This was a retrospective, descriptive, multicentre study. Patients with cirrhosis and UGIB admitted to any of the 4 adult acute care hospitals in Calgary, Alberta, from January 1, 2014, to December 31, 2016, were eligible for the study.
A computerized search was conducted using the International Statistical Classification of Diseases and Related Health Problems, 10th Revision (ICD-10) codes within the Data Integration Measurement and Reporting (DIMR) hospital discharge abstract administrative database. Patients were identified by cross-referencing the DIMR list with Sunrise Clinical Manager, the electronic medical record used within the Calgary Zone, which was then used to gather information on demographic characteristics, laboratory values, blood products and medications administered, and discharge information. The provincial Pharmacy Information Network was used to retrieve medication information. Endoscopy reports were obtained from EndoPro (Pentax Medical Company), a database used by the Department of Gastroenterology, Calgary Zone, Alberta Health Services.
Patients who were 18 years of age or older with a diagnosis of cirrhosis and UGIB, as defined by the ICD-10 codes, were included. Patients whose duration of admission was less than 3 days and those with no electronic discharge summary or endoscopy report were excluded. For patients with multiple admissions during the study period, only the first admission was included in the analysis.
The primary outcome was the incidence of rebleeding within 30 days after the initial bleed, in relation to whether or not vitamin K1 was administered. This outcome was based on rebleeding that occurred during the index admission, as well as postdischarge UGIB leading to readmission to any of the 4 adult acute care sites within 30 days. Rebleeding rates were compared between patients who and did not receive vitamin K1. Resolution of the initial bleed was defined as occurring on the date of endoscopy. Rebleeding was defined as a decrease in hemoglobin concentration of more than 20 g/L after endoscopy or bleeding leading to transfusion of 2 or more units of packed red blood cells.7 The secondary outcome was a description of vitamin K1 prescribing patterns, including dose, route, frequency, and total number of doses administered.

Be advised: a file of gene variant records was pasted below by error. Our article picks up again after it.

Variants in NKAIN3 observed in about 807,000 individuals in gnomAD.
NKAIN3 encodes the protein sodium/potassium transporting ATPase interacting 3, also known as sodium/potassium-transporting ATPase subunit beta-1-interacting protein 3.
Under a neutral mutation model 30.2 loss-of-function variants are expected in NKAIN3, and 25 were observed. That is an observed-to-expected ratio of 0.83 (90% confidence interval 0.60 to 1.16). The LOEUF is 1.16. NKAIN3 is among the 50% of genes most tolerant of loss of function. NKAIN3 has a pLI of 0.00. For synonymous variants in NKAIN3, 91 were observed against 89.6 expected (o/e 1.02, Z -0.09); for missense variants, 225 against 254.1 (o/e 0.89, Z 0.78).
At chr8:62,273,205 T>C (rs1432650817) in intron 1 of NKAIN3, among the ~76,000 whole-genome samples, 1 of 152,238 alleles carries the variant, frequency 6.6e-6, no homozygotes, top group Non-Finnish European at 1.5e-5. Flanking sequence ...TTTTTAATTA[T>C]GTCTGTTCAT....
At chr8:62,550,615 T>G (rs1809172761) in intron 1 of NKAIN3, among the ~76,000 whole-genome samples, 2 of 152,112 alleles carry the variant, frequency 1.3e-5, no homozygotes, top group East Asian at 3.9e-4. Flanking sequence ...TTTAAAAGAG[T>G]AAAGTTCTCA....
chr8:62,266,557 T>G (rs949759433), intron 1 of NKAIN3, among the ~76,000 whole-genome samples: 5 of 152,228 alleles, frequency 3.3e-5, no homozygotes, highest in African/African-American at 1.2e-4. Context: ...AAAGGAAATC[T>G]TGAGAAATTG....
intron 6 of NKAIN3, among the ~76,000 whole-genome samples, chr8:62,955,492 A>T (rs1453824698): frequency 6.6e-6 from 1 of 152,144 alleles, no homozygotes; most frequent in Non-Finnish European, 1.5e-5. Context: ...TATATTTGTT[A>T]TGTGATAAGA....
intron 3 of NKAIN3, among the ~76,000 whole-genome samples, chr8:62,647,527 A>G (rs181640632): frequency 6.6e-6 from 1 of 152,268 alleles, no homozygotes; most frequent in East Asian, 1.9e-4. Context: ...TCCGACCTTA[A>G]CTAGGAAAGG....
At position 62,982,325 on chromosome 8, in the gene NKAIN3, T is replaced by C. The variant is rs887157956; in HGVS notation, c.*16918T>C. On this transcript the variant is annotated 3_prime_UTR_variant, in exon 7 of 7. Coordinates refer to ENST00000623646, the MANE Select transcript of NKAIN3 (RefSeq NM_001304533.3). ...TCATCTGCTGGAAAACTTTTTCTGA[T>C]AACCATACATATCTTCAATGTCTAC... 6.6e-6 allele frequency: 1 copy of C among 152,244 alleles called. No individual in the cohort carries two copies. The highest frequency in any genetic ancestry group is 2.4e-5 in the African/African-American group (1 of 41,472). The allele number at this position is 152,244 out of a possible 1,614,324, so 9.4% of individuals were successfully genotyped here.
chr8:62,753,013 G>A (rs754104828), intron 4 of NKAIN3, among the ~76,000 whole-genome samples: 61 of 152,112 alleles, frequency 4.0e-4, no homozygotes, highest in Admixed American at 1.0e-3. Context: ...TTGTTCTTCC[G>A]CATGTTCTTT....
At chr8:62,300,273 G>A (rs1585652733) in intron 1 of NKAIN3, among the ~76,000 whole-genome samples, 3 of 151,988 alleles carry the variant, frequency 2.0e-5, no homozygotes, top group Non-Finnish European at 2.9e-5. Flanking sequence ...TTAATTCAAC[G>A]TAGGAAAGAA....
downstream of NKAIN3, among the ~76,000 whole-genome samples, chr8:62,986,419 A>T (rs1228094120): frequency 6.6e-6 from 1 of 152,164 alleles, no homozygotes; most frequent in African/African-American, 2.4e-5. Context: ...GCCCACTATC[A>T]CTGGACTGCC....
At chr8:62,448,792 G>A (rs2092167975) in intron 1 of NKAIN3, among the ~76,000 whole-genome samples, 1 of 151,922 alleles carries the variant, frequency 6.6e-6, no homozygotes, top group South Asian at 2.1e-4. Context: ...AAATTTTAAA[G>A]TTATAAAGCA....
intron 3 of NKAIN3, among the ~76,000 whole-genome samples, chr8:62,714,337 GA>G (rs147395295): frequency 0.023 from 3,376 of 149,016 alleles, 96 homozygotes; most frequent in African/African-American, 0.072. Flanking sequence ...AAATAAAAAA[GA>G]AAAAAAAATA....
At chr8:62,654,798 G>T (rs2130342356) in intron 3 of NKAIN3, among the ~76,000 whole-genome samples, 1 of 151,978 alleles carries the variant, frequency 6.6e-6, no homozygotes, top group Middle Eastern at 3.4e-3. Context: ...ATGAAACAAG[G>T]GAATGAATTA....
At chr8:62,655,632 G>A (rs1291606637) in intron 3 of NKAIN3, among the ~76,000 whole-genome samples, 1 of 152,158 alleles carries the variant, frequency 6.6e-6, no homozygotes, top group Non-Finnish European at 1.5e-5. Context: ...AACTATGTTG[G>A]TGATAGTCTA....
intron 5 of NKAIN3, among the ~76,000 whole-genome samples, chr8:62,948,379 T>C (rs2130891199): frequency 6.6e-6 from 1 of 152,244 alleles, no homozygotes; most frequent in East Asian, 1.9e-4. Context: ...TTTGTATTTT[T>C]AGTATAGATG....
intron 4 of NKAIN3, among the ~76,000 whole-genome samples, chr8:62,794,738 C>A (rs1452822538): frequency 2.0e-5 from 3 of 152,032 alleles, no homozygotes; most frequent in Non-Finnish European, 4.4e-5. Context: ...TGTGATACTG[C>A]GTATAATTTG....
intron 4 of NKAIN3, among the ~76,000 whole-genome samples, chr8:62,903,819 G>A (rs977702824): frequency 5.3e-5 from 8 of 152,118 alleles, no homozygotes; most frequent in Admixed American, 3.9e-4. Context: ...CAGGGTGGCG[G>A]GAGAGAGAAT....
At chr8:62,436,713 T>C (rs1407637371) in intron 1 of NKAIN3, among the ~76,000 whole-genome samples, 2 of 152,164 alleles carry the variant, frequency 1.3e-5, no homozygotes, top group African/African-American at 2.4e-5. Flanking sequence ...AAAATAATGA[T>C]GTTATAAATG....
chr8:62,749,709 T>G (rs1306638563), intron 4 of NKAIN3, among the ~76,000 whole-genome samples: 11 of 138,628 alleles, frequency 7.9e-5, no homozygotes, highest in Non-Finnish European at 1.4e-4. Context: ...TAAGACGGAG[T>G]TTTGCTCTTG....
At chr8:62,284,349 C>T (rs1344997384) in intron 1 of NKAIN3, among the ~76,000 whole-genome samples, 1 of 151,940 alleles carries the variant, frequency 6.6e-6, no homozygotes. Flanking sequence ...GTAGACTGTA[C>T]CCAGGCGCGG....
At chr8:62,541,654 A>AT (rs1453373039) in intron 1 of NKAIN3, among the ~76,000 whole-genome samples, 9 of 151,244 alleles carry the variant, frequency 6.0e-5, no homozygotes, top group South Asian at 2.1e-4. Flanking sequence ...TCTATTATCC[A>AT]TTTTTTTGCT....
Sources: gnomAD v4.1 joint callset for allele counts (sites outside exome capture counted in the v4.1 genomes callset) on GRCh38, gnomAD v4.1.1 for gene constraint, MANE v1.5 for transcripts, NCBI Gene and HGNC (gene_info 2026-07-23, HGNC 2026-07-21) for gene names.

Demographic data were collected for each patient, including age, sex, weight, and cirrhotic complications and characteristics (previous variceal and nonvariceal UGIB, portal hypertensive gastropathy, ascites, spontaneous bacterial peritonitis, transjugular intrahepatic portosystemic shunt, portal vein thrombosis, and hepatic encephalopathy). Baseline laboratory values collected included hemoglobin, platelet count, serum creatinine, and INR. The model for end-stage liver disease (MELD) score8 and the Glasgow-Blatchford bleeding score9 were calculated. Additional risk factors for bleeding were collected from the discharge summary and Pharmacy Information Network data. Prescriptions for anticoagulants, nonsteroidal anti-inflammatory drugs, antiplatelet agents, nonselective β-blockers, and proton pump inhibitors (PPIs) within 180 days before and 30 days after the hospital admission were determined from the Pharmacy Information Network.